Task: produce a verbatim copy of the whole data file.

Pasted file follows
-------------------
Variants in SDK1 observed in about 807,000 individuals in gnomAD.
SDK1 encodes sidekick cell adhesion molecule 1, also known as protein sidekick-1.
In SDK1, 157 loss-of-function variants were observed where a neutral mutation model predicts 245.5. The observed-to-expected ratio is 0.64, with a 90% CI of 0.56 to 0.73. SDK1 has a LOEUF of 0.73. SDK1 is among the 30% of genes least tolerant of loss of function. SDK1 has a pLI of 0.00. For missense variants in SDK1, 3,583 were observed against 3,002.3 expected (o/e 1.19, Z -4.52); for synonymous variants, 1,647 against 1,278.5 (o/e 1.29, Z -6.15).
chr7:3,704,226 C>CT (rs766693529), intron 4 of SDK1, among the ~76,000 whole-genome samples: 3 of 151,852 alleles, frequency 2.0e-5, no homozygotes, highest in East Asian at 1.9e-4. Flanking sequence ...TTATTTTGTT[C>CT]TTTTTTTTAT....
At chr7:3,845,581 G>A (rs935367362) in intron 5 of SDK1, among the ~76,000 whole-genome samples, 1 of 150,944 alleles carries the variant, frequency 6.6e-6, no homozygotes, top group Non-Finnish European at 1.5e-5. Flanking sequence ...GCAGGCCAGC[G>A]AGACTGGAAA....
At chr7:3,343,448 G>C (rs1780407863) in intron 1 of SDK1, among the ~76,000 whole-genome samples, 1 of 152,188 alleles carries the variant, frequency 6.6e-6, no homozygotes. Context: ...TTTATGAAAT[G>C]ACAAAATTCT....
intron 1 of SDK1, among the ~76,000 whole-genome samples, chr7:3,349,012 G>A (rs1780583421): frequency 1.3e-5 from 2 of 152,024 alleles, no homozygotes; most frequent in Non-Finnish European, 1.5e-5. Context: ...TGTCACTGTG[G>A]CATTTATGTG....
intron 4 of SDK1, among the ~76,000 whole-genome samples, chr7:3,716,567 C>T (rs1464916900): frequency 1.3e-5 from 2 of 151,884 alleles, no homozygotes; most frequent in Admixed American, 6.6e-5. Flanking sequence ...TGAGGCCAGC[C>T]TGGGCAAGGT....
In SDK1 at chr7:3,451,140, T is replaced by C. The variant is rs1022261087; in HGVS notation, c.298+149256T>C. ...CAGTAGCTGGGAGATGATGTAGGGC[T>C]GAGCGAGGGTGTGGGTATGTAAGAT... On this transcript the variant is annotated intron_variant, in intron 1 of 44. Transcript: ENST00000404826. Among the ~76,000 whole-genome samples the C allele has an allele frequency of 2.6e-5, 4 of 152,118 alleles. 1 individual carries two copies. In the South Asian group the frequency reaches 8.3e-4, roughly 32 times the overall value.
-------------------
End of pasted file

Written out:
Variants in SDK1 observed in about 807,000 individuals in gnomAD.
SDK1 encodes sidekick cell adhesion molecule 1, also known as protein sidekick-1.
In SDK1, 157 loss-of-function variants were observed where a neutral mutation model predicts 245.5. The observed-to-expected ratio is 0.64, with a 90% CI of 0.56 to 0.73. SDK1 has a LOEUF of 0.73. SDK1 is among the 30% of genes least tolerant of loss of function. SDK1 has a pLI of 0.00. For missense variants in SDK1, 3,583 were observed against 3,002.3 expected (o/e 1.19, Z -4.52); for synonymous variants, 1,647 against 1,278.5 (o/e 1.29, Z -6.15).
chr7:3,704,226 C>CT (rs766693529), intron 4 of SDK1, among the ~76,000 whole-genome samples: 3 of 151,852 alleles, frequency 2.0e-5, no homozygotes, highest in East Asian at 1.9e-4. Flanking sequence ...TTATTTTGTT[C>CT]TTTTTTTTAT....
At chr7:3,845,581 G>A (rs935367362) in intron 5 of SDK1, among the ~76,000 whole-genome samples, 1 of 150,944 alleles carries the variant, frequency 6.6e-6, no homozygotes, top group Non-Finnish European at 1.5e-5. Flanking sequence ...GCAGGCCAGC[G>A]AGACTGGAAA....
At chr7:3,343,448 G>C (rs1780407863) in intron 1 of SDK1, among the ~76,000 whole-genome samples, 1 of 152,188 alleles carries the variant, frequency 6.6e-6, no homozygotes. Context: ...TTTATGAAAT[G>C]ACAAAATTCT....
intron 1 of SDK1, among the ~76,000 whole-genome samples, chr7:3,349,012 G>A (rs1780583421): frequency 1.3e-5 from 2 of 152,024 alleles, no homozygotes; most frequent in Non-Finnish European, 1.5e-5. Context: ...TGTCACTGTG[G>A]CATTTATGTG....
intron 4 of SDK1, among the ~76,000 whole-genome samples, chr7:3,716,567 C>T (rs1464916900): frequency 1.3e-5 from 2 of 151,884 alleles, no homozygotes; most frequent in Admixed American, 6.6e-5. Flanking sequence ...TGAGGCCAGC[C>T]TGGGCAAGGT....
In SDK1 at chr7:3,451,140, T is replaced by C. The variant is rs1022261087; in HGVS notation, c.298+149256T>C. ...CAGTAGCTGGGAGATGATGTAGGGC[T>C]GAGCGAGGGTGTGGGTATGTAAGAT... On this transcript the variant is annotated intron_variant, in intron 1 of 44. Transcript: ENST00000404826. Among the ~76,000 whole-genome samples the C allele has an allele frequency of 2.6e-5, 4 of 152,118 alleles. 1 individual carries two copies. In the South Asian group the frequency reaches 8.3e-4, roughly 32 times the overall value.